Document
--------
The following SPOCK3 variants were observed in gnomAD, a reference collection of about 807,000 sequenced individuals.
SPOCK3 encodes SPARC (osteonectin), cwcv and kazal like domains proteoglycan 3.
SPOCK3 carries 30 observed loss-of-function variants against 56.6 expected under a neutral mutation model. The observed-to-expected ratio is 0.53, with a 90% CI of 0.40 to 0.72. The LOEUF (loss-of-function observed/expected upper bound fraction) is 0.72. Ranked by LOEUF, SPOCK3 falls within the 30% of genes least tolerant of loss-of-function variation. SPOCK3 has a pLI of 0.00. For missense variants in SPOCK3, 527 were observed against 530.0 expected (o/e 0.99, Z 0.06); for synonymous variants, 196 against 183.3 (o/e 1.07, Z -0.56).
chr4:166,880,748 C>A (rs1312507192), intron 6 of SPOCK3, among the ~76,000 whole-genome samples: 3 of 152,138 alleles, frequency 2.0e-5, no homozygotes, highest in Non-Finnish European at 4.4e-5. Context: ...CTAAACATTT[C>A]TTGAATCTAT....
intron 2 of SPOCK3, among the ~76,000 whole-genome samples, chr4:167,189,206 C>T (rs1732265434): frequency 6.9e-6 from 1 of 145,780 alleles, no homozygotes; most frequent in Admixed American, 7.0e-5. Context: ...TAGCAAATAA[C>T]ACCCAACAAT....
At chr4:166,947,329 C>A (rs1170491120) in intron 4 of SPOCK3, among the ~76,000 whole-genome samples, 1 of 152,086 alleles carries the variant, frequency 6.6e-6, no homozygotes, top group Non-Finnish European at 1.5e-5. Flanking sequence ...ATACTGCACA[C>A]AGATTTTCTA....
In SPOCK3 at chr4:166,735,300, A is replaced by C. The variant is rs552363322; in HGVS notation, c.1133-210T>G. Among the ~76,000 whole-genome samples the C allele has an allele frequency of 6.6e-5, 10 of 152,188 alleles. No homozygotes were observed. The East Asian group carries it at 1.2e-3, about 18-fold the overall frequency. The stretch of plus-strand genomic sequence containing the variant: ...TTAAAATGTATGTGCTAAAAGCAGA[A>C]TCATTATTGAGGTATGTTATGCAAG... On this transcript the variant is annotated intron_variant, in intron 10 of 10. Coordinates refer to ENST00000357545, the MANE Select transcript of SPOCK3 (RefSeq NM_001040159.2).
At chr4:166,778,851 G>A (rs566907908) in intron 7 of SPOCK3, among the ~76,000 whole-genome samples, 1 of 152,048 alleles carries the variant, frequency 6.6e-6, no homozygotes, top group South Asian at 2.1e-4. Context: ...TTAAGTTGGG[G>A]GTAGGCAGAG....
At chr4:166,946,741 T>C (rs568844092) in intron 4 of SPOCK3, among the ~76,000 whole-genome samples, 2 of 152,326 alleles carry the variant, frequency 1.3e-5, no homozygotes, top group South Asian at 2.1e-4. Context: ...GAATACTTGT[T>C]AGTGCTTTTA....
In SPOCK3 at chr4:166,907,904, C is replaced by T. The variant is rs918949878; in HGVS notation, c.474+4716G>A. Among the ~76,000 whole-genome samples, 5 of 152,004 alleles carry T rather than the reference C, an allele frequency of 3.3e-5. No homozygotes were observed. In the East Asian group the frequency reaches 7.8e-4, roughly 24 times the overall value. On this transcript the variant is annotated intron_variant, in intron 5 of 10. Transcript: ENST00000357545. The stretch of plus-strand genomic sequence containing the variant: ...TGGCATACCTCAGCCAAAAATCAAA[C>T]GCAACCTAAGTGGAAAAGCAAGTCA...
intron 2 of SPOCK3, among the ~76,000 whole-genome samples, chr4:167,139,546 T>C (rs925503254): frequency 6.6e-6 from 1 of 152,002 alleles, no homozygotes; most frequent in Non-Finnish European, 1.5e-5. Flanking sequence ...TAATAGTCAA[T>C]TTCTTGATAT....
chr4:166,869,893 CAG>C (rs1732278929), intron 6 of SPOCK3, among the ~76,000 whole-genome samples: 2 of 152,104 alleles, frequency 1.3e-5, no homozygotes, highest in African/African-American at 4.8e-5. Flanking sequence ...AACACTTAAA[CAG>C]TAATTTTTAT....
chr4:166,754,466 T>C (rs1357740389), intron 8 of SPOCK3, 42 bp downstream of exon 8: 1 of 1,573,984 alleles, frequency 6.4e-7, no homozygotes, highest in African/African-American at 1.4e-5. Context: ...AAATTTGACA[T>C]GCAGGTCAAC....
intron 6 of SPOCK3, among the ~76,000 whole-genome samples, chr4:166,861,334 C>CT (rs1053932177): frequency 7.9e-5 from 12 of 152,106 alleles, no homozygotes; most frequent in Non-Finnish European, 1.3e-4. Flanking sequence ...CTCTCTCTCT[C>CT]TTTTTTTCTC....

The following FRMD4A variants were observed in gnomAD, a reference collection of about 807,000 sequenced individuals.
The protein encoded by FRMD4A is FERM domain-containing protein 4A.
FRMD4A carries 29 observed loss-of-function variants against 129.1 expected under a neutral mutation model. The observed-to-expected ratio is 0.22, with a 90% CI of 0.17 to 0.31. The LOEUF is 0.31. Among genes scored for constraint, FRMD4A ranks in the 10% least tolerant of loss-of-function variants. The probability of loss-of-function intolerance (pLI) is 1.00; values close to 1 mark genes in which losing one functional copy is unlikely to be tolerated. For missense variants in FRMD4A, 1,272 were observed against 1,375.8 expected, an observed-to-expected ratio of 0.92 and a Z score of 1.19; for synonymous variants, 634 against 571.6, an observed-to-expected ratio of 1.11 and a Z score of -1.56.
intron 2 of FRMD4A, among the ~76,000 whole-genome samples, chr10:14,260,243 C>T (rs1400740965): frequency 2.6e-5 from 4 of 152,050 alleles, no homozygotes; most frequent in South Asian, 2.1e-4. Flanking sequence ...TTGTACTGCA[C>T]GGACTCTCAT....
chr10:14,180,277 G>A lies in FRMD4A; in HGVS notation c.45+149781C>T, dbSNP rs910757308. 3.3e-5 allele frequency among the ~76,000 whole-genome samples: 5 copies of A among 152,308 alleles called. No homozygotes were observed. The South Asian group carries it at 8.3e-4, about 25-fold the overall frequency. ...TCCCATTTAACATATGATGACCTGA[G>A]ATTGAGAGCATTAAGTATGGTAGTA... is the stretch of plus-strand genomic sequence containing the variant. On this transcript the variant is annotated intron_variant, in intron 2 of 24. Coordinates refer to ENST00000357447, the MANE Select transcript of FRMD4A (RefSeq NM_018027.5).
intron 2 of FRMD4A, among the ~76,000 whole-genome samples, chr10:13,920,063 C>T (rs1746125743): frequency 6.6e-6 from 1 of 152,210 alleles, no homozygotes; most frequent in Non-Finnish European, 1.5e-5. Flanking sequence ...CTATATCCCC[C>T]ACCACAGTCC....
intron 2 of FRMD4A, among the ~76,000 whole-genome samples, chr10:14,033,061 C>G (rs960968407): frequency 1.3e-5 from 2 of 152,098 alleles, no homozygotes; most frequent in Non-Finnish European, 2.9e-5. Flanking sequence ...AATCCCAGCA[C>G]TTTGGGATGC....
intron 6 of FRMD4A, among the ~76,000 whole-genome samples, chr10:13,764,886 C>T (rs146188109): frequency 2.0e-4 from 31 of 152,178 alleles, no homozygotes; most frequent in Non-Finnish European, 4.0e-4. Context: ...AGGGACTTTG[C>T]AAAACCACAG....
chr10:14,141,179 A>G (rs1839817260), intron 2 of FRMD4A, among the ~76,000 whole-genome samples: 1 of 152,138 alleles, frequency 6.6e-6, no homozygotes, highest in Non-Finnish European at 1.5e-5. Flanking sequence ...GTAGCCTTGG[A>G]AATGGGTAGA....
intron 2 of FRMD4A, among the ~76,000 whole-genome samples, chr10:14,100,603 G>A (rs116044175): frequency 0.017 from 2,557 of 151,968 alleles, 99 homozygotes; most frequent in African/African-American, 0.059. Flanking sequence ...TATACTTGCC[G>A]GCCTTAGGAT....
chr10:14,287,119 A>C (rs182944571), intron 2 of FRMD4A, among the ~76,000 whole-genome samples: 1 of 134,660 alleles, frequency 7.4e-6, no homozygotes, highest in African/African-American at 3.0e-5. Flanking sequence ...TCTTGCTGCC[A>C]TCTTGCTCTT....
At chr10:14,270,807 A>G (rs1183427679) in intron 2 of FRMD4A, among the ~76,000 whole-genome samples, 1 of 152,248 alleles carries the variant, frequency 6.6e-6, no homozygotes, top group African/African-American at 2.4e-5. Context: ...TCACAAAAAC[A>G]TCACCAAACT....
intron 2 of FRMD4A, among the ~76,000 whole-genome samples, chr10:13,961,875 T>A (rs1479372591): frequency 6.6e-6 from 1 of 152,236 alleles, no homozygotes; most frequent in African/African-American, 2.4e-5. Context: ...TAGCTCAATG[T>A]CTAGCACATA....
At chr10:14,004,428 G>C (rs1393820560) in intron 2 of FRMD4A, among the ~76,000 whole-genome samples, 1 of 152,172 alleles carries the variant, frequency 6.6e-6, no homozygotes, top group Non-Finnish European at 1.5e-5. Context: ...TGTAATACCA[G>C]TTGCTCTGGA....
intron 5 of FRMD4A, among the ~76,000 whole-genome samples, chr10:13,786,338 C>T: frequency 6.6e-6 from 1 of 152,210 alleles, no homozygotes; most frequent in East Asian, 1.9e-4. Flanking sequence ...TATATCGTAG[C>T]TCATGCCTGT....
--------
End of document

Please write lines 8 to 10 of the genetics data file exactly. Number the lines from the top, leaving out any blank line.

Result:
At chr4:166,778,851 G>A (rs566907908) in intron 7 of SPOCK3, among the ~76,000 whole-genome samples, 1 of 152,048 alleles carries the variant, frequency 6.6e-6, no homozygotes, top group South Asian at 2.1e-4. Context: ...TTAAGTTGGG[G>A]GTAGGCAGAG....
At chr4:166,946,741 T>C (rs568844092) in intron 4 of SPOCK3, among the ~76,000 whole-genome samples, 2 of 152,326 alleles carry the variant, frequency 1.3e-5, no homozygotes, top group South Asian at 2.1e-4. Context: ...GAATACTTGT[T>C]AGTGCTTTTA....
In SPOCK3 at chr4:166,907,904, C is replaced by T. The variant is rs918949878; in HGVS notation, c.474+4716G>A. Among the ~76,000 whole-genome samples, 5 of 152,004 alleles carry T rather than the reference C, an allele frequency of 3.3e-5. No homozygotes were observed. In the East Asian group the frequency reaches 7.8e-4, roughly 24 times the overall value. On this transcript the variant is annotated intron_variant, in intron 5 of 10. Transcript: ENST00000357545. The stretch of plus-strand genomic sequence containing the variant: ...TGGCATACCTCAGCCAAAAATCAAA[C>T]GCAACCTAAGTGGAAAAGCAAGTCA...